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Keeping the dodos out of the field

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About 100 people settled in a tropical area near a seashore five years ago. They've been feeding themselves by hunting and fishing, but now they're also trying to grow crops, including hemp and corn. They have adequate fresh water and late 18C technology. The neighboring indigenous nation is OK with them using as much land as they need and taking as much wood out of the forest as they require.

Their problem is the local flightless birds. Think dodos. About knee-high, the birds eat everything and they're aggressive.

  • What options do the settlers have for keeping the dodos out of the corn?

My original thought was "build a big fence/palisade; plant inside the palisade," but I think they'd need a bigger planting area than they can fence. And the mean nasty dodos might chew through the fence.

  • What options do they have for protecting their food if they succeed in growing it?
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This post was sourced from https://worldbuilding.stackexchange.com/q/147258. It is licensed under CC BY-SA 4.0.

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Build that fence!

Most estimates state that a family of 4 needs 2 acres of land to be self-sufficient. That's the upper limit I've seen (with a couple exceptions). It's a lot more efficient when you have 25 families of 4 working together, you can grow year round in the tropics, and they have food from the ocean as well.

Assume at most the settlers require 50 acres for fields. This is very high and it's more likely to be closer to 25 acres.

A 50 acre circle has a circumference of 1600 meters, or one mile.

A 25 acre circle has a circumference of 1130 meters, or .7 miles.

Wooden fence posts plus barbed wire would be the best choice for a fence to keep out dodos. Since there is a tropical forest and they're allowed "as much wood as they want" the posts are the easy part.

Barbed wire wasn't invented until the mid to late 19th century. But wire fencing was available earlier and people did add sharp pointy things to it to make it hard to pass through. It's unclear to me if your settlers have metalworking to produce wire (they presumably have basic metalworking) or enough raw materials.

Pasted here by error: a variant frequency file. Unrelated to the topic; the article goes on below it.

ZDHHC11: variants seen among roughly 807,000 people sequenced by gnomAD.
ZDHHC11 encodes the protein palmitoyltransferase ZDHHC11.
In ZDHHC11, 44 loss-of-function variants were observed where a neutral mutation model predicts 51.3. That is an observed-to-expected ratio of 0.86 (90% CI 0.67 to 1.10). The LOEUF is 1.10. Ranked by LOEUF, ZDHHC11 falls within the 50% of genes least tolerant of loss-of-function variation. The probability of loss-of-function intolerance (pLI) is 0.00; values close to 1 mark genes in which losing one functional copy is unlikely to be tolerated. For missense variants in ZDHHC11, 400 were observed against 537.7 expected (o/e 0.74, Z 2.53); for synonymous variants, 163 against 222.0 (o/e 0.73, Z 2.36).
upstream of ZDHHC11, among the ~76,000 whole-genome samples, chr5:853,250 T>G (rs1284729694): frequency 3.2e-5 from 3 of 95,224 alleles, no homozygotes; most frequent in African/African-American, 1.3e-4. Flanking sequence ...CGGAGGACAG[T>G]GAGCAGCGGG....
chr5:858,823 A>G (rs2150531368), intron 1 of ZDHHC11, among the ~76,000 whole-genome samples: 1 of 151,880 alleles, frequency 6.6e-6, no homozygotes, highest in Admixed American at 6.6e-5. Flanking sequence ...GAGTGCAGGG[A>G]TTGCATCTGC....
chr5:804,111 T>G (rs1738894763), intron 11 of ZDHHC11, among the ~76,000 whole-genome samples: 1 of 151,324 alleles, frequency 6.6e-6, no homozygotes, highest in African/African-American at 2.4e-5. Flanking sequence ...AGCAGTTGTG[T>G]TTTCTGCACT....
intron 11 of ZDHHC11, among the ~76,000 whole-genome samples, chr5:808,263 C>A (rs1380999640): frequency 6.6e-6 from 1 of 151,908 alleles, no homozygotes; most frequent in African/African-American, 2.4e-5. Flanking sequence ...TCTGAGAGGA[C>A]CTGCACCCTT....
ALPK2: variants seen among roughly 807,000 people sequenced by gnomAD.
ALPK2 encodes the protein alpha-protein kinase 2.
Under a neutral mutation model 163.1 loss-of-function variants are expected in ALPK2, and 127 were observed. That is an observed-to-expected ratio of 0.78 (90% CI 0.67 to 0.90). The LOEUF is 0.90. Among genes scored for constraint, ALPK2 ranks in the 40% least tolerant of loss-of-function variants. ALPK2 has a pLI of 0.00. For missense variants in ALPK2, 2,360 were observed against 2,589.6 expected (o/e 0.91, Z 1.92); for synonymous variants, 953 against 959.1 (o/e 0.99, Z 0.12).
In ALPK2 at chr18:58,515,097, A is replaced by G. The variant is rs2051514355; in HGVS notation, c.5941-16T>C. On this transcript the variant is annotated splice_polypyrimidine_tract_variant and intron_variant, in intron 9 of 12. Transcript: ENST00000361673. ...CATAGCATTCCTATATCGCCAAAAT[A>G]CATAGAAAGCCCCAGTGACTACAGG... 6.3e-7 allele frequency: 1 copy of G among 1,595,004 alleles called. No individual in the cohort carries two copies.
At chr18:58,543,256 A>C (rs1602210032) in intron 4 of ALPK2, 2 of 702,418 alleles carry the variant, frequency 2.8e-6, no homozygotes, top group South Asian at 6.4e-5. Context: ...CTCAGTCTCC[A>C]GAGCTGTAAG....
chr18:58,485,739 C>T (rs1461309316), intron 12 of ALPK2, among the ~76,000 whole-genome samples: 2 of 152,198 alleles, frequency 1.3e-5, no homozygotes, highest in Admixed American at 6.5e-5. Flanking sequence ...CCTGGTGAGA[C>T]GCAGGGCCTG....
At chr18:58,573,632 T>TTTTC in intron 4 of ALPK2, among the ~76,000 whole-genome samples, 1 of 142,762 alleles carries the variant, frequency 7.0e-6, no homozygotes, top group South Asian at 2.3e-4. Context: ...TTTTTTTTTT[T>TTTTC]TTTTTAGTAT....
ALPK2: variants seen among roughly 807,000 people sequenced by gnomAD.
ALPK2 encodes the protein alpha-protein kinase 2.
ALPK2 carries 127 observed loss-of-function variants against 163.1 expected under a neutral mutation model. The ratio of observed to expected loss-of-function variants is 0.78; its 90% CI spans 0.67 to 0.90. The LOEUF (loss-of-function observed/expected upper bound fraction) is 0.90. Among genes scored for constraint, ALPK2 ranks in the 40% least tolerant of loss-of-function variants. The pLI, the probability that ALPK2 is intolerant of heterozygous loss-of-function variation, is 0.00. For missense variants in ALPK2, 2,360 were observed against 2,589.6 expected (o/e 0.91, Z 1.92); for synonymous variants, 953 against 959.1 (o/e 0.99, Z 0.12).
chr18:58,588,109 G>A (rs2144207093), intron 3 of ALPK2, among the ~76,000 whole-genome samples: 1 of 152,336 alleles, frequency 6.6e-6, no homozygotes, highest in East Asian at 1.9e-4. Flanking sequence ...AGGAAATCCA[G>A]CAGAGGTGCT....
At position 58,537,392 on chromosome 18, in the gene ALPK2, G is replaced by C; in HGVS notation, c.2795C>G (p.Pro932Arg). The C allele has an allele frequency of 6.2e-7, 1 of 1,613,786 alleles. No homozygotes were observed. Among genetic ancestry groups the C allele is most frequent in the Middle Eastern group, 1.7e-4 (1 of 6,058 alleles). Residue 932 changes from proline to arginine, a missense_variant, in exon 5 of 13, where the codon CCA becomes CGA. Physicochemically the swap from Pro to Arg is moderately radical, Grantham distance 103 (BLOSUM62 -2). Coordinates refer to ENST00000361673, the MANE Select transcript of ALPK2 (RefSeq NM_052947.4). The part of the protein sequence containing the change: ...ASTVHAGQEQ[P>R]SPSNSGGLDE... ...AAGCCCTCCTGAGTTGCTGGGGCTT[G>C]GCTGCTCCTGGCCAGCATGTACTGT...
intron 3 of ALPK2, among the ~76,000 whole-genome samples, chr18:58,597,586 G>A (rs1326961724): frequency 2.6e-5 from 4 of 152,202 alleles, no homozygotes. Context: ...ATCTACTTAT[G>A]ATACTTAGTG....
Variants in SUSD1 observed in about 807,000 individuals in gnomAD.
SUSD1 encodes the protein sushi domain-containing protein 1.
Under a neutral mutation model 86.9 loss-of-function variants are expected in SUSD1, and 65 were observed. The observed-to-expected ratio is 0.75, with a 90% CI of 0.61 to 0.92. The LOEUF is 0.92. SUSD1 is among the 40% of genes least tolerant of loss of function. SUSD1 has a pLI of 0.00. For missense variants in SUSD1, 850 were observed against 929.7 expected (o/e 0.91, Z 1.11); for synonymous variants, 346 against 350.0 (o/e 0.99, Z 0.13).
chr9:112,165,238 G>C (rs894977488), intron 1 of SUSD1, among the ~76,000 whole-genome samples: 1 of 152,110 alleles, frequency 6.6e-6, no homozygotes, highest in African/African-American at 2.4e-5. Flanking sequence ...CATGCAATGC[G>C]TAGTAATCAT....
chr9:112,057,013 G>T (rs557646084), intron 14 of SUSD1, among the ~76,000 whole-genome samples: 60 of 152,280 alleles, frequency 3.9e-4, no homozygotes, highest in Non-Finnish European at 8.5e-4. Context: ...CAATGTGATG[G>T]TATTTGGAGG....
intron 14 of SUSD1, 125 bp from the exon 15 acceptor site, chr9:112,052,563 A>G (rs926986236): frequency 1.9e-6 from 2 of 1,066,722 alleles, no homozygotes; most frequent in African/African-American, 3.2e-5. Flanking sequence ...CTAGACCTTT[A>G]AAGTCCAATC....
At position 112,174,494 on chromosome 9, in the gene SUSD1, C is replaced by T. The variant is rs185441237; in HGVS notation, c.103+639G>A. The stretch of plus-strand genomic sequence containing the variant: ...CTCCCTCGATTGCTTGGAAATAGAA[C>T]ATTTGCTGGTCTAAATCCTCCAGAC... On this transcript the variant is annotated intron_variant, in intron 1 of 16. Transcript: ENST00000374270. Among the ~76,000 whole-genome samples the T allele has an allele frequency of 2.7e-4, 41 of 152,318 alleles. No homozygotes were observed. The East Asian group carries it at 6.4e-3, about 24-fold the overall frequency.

Thorny bushes are the other option. It's probably what the people who already live there use. Put in the posts and use wattling and some wire to contain dead branches of thorny trees and bushes. Plant seedlings of the bushes so you won't have to replace the dead branches for more than a few years. Combined with some wire, this will be unstoppable.

A mile of fencing is very easy for a village of 100 people to maintain. It's also fairly easy to build, once you have the materials. One full day's work for 1/3 of the village. Cutting the trees and making the posts is not time consuming. The metalwork is the bigger deal.

If you use barbed wire fencing, here's an estimate for materials to do 1/4 mile. Multiple by 3 for your smaller field and by 4 for your larger one. These are for modern materials and your settlers can get away with a lot less here.

4 8-inch wood posts
57 4-inch wood posts
55 6 1/2-foot steel posts
10 pounds staples & clips
6,600 feet 12-gauge barbed wire
39 hours labor

If you need to build a wooden fence, add wire! You can still use the wood for structural integrity but add the wire so the dodos don't peck through it. Or use other metal. Old rusted pieces of metal work great. Anything the community might otherwise discard.

On the outer side of the fence, whatever you build, add shells. You'll already be eating a lot from the ocean and you will have shells. Break them up so they're sharp and unfriendly to unshod dodo feet. Start with a thin line around the outside of the fence. Every time you have a pile of crushed shells to fill some buckets, send the kids out to add to the line.

Make sure you have a couple of very well-built gates and you're all set.

Store your harvest on elevated platforms.

Build wooden platforms high enough so the dodos can't jump up or reach with their beaks. This should still be low enough for village adults to reach with ease.

If you have it, bamboo would be a great material here.

Add wire, shells, rusty metal, etc to keep the dodos from just pecking through the platform legs.

Bonus, this will reduce (not eliminate) rot from damp ground and insect infestation.

enter image description here
(This is a child's play structure but it's about the right size and shape. Store the ladder separately, if needed.)

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